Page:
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In February, with remarkably little fanfare, NASA released a budget proposal that eliminated plans for a return to the moon, but was vague about where humans would be going next in space and when.

Speaking at the Kennedy Space Center in Florida last Thursday, President Obama attempted to fill in the details of his new vision for the space agency, including identifying the solar system destinations he foresees humans visiting in the next three decades.

“By 2025, we expect new spacecraft designed for long journeys to allow us to begin the first-ever crewed missions beyond the moon into deep space,” he said, starting with a mission to a near-Earth asteroid. “By the mid-2030s, I believe we can send humans to orbit Mars and return them safely to Earth. And a landing on Mars will follow. And I expect to be around to see it,” the president added.

Missing from the president’s plan is a return to the moon, which had been the cornerstone of the plans outlined in 2004 by President Bush. “I just have to say pretty bluntly here: We’ve been there before,” Obama said. “There’s a lot more of space to explore, and a lot more to learn when we do.”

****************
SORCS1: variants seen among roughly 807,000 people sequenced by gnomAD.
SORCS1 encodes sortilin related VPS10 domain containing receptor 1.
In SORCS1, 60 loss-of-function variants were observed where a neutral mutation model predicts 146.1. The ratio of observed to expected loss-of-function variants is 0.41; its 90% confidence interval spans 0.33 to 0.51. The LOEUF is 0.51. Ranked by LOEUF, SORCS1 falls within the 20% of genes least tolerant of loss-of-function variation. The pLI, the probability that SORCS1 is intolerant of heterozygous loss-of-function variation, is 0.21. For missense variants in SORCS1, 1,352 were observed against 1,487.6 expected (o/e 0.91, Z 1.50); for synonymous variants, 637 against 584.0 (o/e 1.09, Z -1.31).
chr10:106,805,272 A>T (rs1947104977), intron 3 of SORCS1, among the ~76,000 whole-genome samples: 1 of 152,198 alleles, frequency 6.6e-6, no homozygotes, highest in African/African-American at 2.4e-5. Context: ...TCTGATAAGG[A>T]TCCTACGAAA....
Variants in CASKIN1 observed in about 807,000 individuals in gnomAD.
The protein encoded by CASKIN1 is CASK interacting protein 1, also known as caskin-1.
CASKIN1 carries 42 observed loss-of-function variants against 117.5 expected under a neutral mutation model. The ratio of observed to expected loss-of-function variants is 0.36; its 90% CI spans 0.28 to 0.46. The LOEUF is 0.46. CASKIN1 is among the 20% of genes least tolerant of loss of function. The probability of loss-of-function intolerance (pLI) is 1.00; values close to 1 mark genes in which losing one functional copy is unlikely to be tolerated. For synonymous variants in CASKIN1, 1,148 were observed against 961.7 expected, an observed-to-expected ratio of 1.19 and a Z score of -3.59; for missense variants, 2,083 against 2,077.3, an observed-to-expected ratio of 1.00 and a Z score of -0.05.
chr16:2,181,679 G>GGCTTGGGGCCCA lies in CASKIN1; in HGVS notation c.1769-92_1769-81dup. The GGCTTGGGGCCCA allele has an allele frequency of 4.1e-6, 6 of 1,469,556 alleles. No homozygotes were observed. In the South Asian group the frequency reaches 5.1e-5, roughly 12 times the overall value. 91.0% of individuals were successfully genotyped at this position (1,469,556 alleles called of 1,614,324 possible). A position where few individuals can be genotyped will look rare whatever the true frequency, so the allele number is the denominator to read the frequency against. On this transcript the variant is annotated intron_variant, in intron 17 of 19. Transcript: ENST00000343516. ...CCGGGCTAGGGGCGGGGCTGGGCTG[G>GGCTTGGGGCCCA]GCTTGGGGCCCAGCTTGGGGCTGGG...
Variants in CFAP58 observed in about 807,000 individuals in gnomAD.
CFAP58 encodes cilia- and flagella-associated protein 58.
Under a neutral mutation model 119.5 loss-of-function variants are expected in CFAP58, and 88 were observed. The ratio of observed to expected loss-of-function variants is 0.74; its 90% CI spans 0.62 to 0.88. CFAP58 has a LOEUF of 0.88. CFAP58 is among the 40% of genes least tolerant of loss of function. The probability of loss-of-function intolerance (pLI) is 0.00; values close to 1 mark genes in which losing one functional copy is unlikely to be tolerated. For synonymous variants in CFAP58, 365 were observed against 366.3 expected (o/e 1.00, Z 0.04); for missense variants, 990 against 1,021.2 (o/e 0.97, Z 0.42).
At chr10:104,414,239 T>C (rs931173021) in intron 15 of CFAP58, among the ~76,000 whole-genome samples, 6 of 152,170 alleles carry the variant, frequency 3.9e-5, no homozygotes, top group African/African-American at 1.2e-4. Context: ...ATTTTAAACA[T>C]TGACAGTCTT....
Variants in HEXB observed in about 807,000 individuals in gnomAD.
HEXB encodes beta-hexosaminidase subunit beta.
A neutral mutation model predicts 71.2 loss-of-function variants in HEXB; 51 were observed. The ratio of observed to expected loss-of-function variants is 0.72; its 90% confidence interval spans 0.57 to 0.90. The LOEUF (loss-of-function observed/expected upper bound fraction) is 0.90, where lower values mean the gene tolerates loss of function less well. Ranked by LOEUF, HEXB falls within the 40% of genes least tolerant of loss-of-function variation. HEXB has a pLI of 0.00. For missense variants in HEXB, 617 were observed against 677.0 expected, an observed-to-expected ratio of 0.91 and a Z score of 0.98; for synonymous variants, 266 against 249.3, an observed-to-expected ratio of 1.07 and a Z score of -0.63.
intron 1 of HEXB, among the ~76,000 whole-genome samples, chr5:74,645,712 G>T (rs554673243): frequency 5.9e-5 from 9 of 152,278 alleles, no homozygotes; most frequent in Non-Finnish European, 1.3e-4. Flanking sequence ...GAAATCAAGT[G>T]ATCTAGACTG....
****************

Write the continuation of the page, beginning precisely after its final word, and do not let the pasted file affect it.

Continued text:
Obama also used the speech to describe some changes to the plans rolled out in February. The biggest is the restoration of the Orion spacecraft, which was assumed to be canceled with the rest of the Constellation program after the February announcement. Orion will be retained in a scaled-down form to serve as a crew-return vehicle for the International Space Station. Orion will be launched unmanned and remain docked to the station for months at a time, serving as a “lifeboat” should crews need to evacuate the station.

The near-term benefits of keeping Orion may be more political than technical, according to Robert Walker, a former congressman who served on the science committee and advocated spending on the space program. Walker notes that language in NASA’s current appropriations bill prevents the agency from ending any aspect of Constellation at least through the end of this fiscal year. Keeping Orion in some form makes it possible to get an early start on the new plan, especially if debate over the budget stretches through the end of the year. “It’s a rather clever move by the administration,” Walker says.

Obama’s speech also revealed a plan to make a decision by 2015 on a new heavy-lift launch vehicle to support future exploration missions. The February plan included over $3 billion over the next five years performing launch-vehicle research and development, including the development of a new engine, but the plan didn’t indicate when that research would translate into a decision on a new rocket.

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Credit: NASA

Tagged: Computing, Business, NASA, space exploration, NASA budget, Obama Administration, human space exploration, human spaceflight

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